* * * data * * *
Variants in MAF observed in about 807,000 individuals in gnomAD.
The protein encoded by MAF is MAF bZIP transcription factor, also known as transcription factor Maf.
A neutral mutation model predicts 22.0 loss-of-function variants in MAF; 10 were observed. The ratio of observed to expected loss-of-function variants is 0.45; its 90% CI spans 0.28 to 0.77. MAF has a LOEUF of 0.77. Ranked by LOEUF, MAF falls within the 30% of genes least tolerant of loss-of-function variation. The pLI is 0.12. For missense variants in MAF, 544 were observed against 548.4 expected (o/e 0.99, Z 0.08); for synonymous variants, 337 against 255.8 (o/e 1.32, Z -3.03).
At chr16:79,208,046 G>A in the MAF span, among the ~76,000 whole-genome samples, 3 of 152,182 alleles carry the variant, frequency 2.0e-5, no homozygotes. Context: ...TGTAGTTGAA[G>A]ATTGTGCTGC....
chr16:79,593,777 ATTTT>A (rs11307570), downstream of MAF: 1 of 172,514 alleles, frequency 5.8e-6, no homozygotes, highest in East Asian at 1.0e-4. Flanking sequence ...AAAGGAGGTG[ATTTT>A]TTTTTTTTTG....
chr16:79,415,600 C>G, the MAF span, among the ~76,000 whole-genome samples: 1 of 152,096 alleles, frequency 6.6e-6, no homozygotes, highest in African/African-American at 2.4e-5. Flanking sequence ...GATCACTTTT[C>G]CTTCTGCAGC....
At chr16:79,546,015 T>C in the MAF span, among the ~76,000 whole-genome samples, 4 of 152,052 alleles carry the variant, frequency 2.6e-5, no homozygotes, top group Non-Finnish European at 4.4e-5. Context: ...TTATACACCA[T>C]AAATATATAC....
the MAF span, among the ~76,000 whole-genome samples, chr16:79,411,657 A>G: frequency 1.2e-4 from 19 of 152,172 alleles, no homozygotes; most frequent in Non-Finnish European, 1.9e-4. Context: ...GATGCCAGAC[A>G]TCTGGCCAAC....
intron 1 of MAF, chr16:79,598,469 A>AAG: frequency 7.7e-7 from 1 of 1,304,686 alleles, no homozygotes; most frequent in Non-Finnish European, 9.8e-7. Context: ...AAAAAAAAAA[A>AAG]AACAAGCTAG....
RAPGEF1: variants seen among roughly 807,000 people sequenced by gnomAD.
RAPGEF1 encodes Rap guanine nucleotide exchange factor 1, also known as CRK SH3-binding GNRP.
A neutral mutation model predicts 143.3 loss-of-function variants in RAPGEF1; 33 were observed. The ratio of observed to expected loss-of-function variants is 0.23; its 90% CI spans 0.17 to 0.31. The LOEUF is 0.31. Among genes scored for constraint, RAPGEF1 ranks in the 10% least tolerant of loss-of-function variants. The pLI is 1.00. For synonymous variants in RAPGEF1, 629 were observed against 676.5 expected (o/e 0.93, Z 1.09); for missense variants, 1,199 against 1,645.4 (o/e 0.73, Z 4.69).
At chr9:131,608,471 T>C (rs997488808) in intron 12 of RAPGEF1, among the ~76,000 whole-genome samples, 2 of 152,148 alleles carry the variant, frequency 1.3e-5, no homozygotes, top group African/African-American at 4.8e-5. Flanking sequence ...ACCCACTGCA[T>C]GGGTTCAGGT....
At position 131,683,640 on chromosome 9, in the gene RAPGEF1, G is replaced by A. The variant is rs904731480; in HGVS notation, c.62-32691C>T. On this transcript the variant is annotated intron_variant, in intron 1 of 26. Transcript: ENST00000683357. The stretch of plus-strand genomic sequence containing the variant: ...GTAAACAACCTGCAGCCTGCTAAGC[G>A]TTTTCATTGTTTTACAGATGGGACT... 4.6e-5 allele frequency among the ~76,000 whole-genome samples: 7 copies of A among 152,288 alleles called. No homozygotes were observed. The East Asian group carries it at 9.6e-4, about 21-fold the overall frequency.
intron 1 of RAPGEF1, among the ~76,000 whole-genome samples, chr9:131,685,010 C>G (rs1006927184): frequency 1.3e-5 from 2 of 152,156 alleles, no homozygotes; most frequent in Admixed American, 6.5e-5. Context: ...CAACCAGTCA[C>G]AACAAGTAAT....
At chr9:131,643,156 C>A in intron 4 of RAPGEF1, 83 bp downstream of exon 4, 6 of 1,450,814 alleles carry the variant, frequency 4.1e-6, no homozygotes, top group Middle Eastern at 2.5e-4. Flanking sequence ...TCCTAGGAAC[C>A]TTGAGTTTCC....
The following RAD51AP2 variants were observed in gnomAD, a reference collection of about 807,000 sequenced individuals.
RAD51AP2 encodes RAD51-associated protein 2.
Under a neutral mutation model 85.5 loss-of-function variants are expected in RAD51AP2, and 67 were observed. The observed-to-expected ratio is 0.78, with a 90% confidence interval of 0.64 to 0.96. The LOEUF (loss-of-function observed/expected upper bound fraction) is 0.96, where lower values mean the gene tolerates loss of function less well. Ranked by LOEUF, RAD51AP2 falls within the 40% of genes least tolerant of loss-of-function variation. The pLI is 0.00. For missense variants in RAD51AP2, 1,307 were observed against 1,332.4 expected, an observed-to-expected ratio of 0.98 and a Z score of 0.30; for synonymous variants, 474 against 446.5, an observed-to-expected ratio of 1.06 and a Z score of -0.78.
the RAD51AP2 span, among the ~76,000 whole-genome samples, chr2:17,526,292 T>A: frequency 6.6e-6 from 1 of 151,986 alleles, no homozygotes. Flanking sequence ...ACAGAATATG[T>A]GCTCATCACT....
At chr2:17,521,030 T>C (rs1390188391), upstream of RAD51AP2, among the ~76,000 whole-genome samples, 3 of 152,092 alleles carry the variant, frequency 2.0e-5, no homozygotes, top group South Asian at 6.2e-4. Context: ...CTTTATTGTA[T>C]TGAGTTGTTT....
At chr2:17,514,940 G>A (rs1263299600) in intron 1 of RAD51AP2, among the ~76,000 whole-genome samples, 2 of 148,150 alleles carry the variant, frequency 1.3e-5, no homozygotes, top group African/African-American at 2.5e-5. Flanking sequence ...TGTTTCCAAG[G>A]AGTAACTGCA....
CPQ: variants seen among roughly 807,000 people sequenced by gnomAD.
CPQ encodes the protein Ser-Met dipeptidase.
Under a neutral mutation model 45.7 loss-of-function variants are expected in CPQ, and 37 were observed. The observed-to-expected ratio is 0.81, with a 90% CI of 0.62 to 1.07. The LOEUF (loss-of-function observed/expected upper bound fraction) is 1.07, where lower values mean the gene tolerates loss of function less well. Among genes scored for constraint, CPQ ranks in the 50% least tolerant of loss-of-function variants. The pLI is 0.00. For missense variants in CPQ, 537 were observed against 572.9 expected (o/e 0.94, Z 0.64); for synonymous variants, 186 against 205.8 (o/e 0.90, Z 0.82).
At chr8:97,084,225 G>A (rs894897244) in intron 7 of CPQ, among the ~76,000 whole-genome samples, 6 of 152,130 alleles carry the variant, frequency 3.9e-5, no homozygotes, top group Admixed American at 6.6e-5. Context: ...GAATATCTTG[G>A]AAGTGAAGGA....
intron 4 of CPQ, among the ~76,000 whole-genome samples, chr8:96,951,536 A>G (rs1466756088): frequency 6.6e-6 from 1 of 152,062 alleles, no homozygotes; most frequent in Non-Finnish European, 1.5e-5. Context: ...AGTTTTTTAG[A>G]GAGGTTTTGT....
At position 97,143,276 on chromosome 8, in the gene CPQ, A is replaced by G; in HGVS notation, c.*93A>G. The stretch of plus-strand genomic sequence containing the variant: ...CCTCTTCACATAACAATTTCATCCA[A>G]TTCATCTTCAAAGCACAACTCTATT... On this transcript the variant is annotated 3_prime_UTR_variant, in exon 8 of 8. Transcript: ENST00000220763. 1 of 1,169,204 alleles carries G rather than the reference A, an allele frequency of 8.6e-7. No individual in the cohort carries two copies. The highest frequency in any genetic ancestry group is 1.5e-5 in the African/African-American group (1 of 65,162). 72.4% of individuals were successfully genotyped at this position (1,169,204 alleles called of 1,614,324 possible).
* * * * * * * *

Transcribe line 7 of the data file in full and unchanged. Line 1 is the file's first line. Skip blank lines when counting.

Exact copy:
At chr16:79,546,015 T>C in the MAF span, among the ~76,000 whole-genome samples, 4 of 152,052 alleles carry the variant, frequency 2.6e-5, no homozygotes, top group Non-Finnish European at 4.4e-5. Context: ...TTATACACCA[T>C]AAATATATAC....